- And a response by Glyn Moody: Why the Idea of the Software Patent Does Not Fly – Open Enterprise
We read so much nonsense about patents these days. Calimaq started a #CopyrightMadness series and a blog so, sometimes, I feel like somebody should start another series: PatentBS. It is self explanatory.
Well, ok let’s start with this one from a Wired Opinion by Manny W. Schecter “Chief Patent Counsel, Associate General Counsel, and Managing IP Attorney at IBM – the top annual U.S. patentee for the past 19 years.” I won’t discuss the argument about how patents supposedly promote innovation, this rebuttal opinion already does it. So let’s concentrate on this piece of nonsense:
Eliminating patents for software will not enhance innovation or benefit our economy. Software is also the most easily appropriated type of intellectual property. Ever since U.S. courts made it clear that copyright is unavailable to protect their ideas, developers have sought to protect inventions embodied in their software via patents. Denying patent protection for software will cause these developers to look for other ways to protect their IP investment — resulting in code that is less open, less accessible, and less interoperable.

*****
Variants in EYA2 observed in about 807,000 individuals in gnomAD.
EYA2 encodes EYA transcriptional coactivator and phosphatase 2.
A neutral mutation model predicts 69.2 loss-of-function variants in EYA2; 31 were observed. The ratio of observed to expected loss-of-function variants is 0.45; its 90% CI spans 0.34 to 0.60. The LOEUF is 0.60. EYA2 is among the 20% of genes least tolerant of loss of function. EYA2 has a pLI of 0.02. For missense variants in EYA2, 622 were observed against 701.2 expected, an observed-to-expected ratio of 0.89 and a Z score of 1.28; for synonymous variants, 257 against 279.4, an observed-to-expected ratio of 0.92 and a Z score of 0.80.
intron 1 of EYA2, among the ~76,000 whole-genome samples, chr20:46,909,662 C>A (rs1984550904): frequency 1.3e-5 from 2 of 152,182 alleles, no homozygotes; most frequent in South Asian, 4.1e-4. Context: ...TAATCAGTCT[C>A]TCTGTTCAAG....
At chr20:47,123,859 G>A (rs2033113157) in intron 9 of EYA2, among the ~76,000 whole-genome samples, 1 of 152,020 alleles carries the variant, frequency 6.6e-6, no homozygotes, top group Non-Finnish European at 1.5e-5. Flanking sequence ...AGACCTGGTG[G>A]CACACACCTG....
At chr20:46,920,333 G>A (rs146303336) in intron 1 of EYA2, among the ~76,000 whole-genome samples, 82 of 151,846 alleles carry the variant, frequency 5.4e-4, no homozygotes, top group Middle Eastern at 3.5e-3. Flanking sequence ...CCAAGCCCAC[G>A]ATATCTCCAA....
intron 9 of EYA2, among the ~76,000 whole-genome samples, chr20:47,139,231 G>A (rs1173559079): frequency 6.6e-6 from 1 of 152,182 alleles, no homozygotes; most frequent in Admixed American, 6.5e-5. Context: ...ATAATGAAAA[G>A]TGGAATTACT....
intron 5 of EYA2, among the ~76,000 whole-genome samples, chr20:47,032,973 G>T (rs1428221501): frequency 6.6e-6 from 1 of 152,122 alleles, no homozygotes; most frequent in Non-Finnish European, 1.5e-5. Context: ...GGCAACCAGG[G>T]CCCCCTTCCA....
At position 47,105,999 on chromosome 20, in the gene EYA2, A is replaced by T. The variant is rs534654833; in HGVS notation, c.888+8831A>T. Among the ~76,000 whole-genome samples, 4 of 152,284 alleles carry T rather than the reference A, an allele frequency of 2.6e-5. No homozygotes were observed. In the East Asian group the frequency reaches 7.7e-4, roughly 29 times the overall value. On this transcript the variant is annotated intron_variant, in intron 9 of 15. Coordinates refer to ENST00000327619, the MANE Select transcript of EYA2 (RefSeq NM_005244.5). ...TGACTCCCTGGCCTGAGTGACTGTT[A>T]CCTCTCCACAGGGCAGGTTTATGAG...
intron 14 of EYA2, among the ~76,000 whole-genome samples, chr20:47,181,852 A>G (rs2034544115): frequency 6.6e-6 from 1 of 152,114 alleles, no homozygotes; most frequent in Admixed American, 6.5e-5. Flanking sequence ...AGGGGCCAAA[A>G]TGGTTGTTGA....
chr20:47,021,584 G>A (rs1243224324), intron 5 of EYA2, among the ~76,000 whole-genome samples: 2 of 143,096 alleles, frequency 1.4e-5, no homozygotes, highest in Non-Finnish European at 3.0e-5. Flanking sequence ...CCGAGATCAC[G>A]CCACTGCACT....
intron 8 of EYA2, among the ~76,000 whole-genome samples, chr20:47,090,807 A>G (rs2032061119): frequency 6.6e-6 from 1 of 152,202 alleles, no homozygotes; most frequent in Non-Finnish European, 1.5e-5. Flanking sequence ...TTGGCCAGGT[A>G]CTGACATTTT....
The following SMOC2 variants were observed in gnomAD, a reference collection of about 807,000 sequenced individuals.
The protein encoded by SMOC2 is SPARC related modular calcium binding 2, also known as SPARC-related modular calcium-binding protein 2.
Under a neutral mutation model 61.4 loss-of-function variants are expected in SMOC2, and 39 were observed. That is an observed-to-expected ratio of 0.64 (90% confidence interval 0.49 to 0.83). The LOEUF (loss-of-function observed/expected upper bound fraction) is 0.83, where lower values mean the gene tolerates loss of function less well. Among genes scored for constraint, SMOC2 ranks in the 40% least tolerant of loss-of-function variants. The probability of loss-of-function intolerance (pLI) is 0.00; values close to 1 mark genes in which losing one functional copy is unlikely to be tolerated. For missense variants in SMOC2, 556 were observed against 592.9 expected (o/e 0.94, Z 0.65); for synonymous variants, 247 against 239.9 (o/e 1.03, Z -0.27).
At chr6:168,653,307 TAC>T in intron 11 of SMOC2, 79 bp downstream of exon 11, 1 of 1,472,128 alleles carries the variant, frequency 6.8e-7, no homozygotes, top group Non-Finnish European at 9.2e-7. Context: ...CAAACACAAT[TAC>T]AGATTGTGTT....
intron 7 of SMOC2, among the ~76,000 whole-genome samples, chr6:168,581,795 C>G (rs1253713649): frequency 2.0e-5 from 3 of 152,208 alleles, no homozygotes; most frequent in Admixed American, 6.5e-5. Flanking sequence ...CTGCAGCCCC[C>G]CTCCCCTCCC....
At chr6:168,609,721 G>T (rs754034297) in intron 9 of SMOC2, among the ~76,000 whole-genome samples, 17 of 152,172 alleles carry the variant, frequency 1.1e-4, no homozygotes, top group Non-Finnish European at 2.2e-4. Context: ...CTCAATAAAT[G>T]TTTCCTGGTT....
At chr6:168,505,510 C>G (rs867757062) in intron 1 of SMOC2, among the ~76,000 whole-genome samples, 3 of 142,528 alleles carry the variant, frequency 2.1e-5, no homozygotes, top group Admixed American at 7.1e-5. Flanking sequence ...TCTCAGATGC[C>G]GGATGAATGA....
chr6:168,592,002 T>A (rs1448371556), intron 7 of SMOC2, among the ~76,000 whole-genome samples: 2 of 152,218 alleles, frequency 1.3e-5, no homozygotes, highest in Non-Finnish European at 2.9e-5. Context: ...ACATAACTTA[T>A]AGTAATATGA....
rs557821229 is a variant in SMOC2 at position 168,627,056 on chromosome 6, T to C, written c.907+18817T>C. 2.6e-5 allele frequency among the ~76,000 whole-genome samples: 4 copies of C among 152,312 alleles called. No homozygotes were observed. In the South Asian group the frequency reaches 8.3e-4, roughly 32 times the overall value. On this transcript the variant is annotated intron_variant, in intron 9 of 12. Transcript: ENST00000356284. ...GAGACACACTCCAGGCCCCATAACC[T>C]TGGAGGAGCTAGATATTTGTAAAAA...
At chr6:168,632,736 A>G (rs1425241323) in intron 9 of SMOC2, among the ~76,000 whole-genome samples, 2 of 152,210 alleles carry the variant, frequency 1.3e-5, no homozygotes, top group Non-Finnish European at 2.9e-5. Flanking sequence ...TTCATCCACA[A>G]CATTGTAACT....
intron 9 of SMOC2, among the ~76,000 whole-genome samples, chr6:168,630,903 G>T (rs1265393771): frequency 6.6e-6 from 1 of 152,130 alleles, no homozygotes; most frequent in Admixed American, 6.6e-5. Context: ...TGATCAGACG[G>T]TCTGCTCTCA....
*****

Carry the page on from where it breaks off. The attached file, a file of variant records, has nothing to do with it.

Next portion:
Such balkanization would discourage many of the collaborative ingredients of the very software ecosystem that has had enormous economic and technological impact.
Copyright can’t “protect” (i.e. monopolise) ideas implemented in software. So that’s why patents are used. We’ll pass on the rhetoric (ideas/inventions as if they’re the same thing).
The argument is: if we don’t grant patents to protect software developers, they’ll seek other means to protect themselves, and that will result in the production of less Free Software (aka open source software). That does not make any sense at all. Phew.
Patents and Free Software are antagonistic. They can’t work together, unless the patent owner grant a royalty-free license to anyone using the software covered by the patents, rendering the patent basically useless. So what would happen if we abolish patents? As the argument goes: we would have less Free Software because software developers would seek other ways to protect “their IP investment.” Well it’s funny, because it’s exactly what happens, and it’s a good thing.
Software is actually covered by copyright, and developers use copyright licenses to foster their development all the time! And this is exactly what’s used in Free Software, for instance with a copyleft license such as the GNU GPL. And that helps produce more Free Software, not less.